The Local Food Report: Community Green

Kristie Kapp believes in food. She believes in the honesty of it, the simplicity of it, the way it can bring people together into a roaring, celebratory crowd. She believes in growing it—not only for her own family, but also for those who might not have a yard to plant, a sunny balcony, a house.

Kristie works for the Housing Assistance Corporation of Cape Cod, as their agricultural program manager, and all these beliefs fit in with what they're doing just right. They own 45 acres in Sandwich, off Jan Sebastian Road, and one day, they're hoping to turn it into affordable housing centered around a working farm. Tenants could get agricultural job training and work, and the community could come to workshops and to buy food.

They're a few years out from that goal, but in the meantime, they've put in a community garden, and this summer, Kristie got a few plots, to start learning to work this land, see how it responds. The goal was to learn, but also to produce: each plot had a local sponsor, and each week Kristie brought three of the housing shelters the HAC runs two grocery bags each of fresh, homegrown produce.

The produce was a hit at all of them, but at one house in particular—Carriage House in Falmouth—Kristie felt like it did the most good. Once a week Lynn Voccola, an HAC employee who's training to be a chef, volunteered to cook, and helped the families learn what to do with the produce. In the process, she put out some pretty wonderful food. Kristie remembers hearing quite a bit about the ratatouille they made with eggplants and tomatoes and peppers from the garden, and there was another meal, a chicken, fennel, and leek gratin, that had everyone pretty pleased.

It's a small start, she says, but one that fits with all of her beliefs. Next year, she's hoping to do it again, harvesting the strawberries and raspberries and asparagus she planted this year. Eventually, of course, she's hoping they'll be growing so much on the farm there will be plenty to send over to keep the shelters in produce each week. The first tenants move in to the first affordable housing unit in December—so who knows, it could be sooner than we think.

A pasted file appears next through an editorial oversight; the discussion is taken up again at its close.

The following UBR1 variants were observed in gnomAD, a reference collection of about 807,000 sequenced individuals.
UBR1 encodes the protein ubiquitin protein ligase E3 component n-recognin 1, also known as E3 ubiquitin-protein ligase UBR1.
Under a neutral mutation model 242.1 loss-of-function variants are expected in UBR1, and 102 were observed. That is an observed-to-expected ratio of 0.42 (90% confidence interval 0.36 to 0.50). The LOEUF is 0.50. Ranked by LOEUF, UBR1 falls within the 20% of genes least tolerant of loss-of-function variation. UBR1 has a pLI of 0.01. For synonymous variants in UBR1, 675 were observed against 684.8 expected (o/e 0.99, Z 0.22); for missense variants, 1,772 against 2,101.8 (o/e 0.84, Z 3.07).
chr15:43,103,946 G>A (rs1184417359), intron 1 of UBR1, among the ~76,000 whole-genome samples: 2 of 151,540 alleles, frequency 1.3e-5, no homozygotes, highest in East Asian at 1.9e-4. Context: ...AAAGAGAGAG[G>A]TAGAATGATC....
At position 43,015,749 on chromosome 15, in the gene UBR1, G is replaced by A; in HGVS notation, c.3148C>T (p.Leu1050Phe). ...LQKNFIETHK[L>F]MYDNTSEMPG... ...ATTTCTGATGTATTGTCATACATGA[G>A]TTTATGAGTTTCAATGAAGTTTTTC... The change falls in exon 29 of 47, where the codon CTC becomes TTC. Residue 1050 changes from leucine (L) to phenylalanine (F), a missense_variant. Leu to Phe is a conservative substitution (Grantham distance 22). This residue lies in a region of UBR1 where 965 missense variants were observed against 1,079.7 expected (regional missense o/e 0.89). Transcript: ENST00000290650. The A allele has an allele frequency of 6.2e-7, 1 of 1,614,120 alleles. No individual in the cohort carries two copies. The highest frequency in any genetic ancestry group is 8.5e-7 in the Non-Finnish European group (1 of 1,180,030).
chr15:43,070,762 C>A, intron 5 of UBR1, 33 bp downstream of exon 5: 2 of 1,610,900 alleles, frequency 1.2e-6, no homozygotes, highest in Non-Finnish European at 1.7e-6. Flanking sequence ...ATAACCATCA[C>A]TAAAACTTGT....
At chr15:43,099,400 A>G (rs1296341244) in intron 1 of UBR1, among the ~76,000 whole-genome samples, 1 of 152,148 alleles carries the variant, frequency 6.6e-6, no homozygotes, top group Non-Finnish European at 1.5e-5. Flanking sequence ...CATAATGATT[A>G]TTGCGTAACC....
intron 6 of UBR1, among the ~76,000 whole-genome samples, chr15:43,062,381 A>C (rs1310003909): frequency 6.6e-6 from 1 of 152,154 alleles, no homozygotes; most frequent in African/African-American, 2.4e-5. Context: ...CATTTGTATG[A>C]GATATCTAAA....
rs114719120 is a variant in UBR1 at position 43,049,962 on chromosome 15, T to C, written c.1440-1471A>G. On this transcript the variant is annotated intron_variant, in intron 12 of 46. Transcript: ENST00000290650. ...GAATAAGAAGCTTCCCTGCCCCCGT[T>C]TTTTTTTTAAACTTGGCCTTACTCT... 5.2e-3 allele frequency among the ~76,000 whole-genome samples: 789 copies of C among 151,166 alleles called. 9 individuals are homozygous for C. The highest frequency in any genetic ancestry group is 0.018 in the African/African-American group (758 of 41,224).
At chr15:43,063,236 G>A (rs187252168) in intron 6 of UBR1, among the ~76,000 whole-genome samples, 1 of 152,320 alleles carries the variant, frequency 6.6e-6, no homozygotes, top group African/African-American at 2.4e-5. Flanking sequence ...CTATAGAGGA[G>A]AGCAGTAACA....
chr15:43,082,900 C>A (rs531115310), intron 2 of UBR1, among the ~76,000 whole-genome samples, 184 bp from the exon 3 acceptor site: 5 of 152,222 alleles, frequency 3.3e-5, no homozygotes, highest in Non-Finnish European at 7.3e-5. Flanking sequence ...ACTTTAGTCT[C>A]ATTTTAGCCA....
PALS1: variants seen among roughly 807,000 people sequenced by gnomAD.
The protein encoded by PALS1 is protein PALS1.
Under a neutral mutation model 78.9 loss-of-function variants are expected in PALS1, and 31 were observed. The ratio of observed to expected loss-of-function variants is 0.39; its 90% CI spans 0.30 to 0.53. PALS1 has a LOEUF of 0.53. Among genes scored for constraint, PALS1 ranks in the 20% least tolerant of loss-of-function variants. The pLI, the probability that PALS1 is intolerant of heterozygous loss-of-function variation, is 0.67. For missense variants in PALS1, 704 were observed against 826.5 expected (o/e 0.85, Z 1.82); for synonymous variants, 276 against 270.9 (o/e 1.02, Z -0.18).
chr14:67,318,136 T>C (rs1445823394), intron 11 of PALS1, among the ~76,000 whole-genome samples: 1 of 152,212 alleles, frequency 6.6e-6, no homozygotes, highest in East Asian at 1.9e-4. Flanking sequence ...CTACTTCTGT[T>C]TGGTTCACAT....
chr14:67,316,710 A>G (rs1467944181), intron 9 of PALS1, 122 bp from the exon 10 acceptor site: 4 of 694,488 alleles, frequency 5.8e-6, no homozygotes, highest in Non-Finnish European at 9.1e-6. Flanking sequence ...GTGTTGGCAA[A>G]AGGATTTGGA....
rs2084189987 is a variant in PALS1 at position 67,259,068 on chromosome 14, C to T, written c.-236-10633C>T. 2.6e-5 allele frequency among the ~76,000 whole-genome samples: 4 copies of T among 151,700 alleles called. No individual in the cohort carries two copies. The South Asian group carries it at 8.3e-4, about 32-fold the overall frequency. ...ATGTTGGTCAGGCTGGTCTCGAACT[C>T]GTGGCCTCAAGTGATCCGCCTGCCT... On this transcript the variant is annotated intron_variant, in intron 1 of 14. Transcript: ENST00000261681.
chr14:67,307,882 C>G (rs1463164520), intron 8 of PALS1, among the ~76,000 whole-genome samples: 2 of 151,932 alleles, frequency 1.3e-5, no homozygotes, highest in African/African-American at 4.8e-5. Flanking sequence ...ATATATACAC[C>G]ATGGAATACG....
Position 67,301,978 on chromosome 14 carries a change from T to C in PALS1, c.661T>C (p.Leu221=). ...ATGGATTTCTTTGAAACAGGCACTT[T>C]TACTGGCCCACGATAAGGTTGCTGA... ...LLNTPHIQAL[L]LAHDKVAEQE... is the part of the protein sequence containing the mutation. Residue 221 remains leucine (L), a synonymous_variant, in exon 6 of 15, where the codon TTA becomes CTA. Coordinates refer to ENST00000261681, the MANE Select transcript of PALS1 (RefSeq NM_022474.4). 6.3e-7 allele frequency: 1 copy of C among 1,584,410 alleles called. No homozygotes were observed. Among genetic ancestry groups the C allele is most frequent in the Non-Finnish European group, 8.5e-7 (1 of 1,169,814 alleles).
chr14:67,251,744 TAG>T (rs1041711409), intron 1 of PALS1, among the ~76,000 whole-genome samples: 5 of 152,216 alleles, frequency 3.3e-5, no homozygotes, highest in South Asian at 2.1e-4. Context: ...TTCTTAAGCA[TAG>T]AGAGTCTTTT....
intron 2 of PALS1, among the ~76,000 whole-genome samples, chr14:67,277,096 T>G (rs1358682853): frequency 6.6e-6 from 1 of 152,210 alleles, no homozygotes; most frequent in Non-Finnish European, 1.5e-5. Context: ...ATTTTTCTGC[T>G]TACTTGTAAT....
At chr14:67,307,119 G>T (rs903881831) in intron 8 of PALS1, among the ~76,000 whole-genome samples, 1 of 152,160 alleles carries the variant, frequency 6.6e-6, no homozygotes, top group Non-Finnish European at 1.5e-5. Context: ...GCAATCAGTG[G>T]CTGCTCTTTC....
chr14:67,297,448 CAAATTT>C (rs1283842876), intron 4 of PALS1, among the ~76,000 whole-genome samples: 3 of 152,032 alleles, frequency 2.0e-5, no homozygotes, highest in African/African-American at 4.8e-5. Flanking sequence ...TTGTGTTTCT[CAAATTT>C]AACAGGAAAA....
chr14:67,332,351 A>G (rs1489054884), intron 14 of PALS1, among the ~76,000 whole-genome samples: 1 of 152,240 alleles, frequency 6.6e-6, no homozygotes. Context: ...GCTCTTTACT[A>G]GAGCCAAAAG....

Lynn was kind enough to share her recipe. She says she made it this summer as an experiment because of an over-abundance of fennel from the garden, and it turned out to be a real hit. So here it is, in her words:

1 bulb fennel
2 leeks
1 medium white onion
2 cloves garlic
8 ounces mushrooms, optional
1 tablespoon olive oil
7 tablespoons butter
6 tablespoons all-purpose flour
2 cups chicken broth, heated
2 cups half and half, heated
2 and 1/2 cups shredded cheese (Lynn says she has used various combinations of mozzarella, Parmesan, Asiago, Greyere, and Swiss with equal success)
3-4 cups cooked chicken, diced
1 pound penne pasta, cooked al dente
salt to taste
white pepper to taste
nutmeg to taste
1/2 cup bread crumbs

Preheat the oven to 350 degrees F. Lightly grease a 13 by 9 inch casserole dish.

Wash, trim, and slice the fennel into 1/2 inch pieces. Trim off the dark green part of the leeks and slice in half lengthwise. Leeks can be filled with dirt and sand, so rinse thoroughly. Then cut the white part into about 1/2 inch pieces. Julienne slice the onions. Finely mince the garlic. Wipe the mushrooms clean and slice them.

Place the olive oil and 1 tablespoon of the butter in a heated pan. Heat until the butter melts and begins to sizzle. Add the fennel, leeks, onions, garlic, and mushrooms. Cook together on medium heat until they soften and onions are nearly clear. Do not brown!

Add the remaining butter and stir until it melts and is hot. Add the flour to make a roux, mixing it thoroughly with butter and veggies. Allow the roux to cook for a few minutes, but do let let it brown. (This is to be a white roux.)

Slowly add the heated chicken broth, stirring constantly to completely mix it in. Then slowly add the half and half. Continue stirring to mix the sauce and veggies completely and to keep the sauce from sticking to the bottom of the pan. The sauce will thicken; then slowly add 2 cups of the cheese mixture, stirring to blend. Season with salt, white pepper, and nutmeg to taste.

Fold in the diced chicken and pasta. Taste for seasonings, and correct as needed. Place the mixture in the casserole dish. Top with remaining 1/2 cup cheese, then sprinkle the breadcrumbs over top. Bake for 30 to 45 minutes, until the top is golden brown. Enjoy hot!


Sio said...

YUM! Just the trick to warm up in the midst of this cold snap. (That I am pretending is not going to last until May).

Anonymous said...

Ditto to what Sio said. It's downright chilly in Portland! This will definitely be making an appearance on my (our) table(s). Xoxoxo -Anna

Againstthegrain said...

Mmmm, I love fennel and leeks. I'll have to reduce carbs and de-gluten this for my family but I think it will adapt well.

Elspeth said...

Sio and Anna,

Yes! It might last until May, but with fennel gratin and hot cider and french toast and cider donuts who cares??

And against the grain, I think it would be pretty easy to de-gluten. Not sure what you'd use for the roux but you could certainly use another whole grain instead of pasta, or maybe rice noodles?

Good luck!

All the best,

Beth said...

my mouth is watering from the recipe and the thought of fennel, my eyes are watering from the human part of the story.

Elspeth said...

Beth, it is good on two levels, isn't it? An excellent point, and one of the things that I love about good food—I feel like so often, good feelings and good tastes go hand in hand.

All the best,

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